Although, I – like Lyketsos and Chisholm – know nothing about the actual medical history of Merckle or Updike, there is a strong possibility that the reason for Merckle’s death was depression, just as there is a there is such a possibility that Updike’s was related to his smoking. When I started the article I thought that the authors were going to talk about how we accept depression but think of smoking as a “behavior”, while they in fact went on the opposite track; this may reflect my increased sensitivity to the issue of depression as terminal disease, which many others may not share.[i] Yes, it is possible or probable that specific life events may trigger the completion of suicide in a person afflicted with depression, but they do not cause it any more that the simple upper respiratory infection leading to pneumonia in a person with chronic lung disease “causes” the death of that long-time smoker. The same trigger, the upper respiratory infections or adverse life events, may inconvenience those of us who are relatively healthy, or in the case of severe viral infections (such as influenza) or serious adverse life events (financial ruin, divorce, death of a loved one) have severe effects upon us, but they do not kill us absent the underlying disease. Depression, a biochemical imbalance in the brain, like chronic lung disease, can be more or less severe, but it is all too frequently fatal.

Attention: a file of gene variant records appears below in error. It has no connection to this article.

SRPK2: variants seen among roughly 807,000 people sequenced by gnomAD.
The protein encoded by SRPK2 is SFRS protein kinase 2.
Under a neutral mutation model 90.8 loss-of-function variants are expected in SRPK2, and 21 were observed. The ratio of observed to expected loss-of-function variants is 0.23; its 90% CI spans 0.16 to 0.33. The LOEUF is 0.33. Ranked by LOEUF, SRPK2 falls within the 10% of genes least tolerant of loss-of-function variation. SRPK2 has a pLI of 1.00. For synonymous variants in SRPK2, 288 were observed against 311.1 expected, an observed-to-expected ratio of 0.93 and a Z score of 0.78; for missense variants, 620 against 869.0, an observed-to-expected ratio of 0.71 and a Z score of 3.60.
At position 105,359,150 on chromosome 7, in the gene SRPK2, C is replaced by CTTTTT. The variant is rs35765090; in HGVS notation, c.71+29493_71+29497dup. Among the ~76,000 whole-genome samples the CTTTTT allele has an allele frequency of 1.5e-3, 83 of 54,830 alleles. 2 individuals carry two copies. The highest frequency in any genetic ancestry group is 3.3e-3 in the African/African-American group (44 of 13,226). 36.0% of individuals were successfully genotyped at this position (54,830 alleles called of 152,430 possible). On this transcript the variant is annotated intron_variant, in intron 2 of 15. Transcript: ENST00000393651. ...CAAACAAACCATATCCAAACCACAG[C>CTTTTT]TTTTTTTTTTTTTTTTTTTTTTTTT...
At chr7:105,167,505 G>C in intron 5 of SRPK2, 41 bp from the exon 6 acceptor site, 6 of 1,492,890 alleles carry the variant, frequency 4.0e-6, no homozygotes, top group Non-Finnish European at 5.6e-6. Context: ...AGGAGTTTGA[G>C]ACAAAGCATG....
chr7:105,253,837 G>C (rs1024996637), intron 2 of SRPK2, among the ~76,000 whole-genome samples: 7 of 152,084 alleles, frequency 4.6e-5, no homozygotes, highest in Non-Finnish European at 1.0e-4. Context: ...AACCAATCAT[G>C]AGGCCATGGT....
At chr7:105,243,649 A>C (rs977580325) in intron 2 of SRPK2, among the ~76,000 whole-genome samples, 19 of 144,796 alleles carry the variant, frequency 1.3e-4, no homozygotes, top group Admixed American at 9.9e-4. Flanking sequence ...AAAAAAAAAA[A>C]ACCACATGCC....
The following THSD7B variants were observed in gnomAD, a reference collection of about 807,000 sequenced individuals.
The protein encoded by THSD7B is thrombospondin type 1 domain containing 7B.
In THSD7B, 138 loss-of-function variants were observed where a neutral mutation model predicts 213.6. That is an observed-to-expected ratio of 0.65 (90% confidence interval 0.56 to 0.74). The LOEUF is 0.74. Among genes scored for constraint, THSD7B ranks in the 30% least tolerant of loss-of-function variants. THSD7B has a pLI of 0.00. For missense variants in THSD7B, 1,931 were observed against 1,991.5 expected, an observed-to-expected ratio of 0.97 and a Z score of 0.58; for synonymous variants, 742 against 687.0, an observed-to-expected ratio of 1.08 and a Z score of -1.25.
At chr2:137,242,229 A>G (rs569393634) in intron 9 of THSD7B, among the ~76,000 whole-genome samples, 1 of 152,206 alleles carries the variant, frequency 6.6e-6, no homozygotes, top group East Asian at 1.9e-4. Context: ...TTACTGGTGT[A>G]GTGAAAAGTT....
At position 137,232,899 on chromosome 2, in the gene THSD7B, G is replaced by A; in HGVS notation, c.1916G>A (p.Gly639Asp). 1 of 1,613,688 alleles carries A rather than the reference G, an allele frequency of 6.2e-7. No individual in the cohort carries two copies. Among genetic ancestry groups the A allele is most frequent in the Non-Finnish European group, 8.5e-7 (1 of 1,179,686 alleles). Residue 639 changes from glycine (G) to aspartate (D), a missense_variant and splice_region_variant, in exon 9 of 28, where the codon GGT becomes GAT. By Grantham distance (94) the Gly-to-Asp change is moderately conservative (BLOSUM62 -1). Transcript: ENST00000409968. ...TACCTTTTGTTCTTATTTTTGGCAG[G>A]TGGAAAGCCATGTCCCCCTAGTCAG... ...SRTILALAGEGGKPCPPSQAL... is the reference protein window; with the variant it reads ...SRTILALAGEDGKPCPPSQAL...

The most important point that Lyketsos and Chisholm make is that the search for “meaning” in actions such as suicide – that someone killed themselves because they were unhappy because of financial losses, or family losses, other life events – not only is largely wrong, or inadequate, as an explanation, but that it may in fact increase the mortality of the disease. This is because those who suffer from depression, as well as their friends and family, in their search for an explanation, for meaning, for a “cause” in the external events of life, may fail to recognize, deny, or not treat the underlying disease of depression. It is in many ways parallel to high blood pressure: it can be made worse by life circumstances, mild forms may be controlled without drugs, more severe forms usually require drugs, and even those who are treated may still succumb to effects of the disease.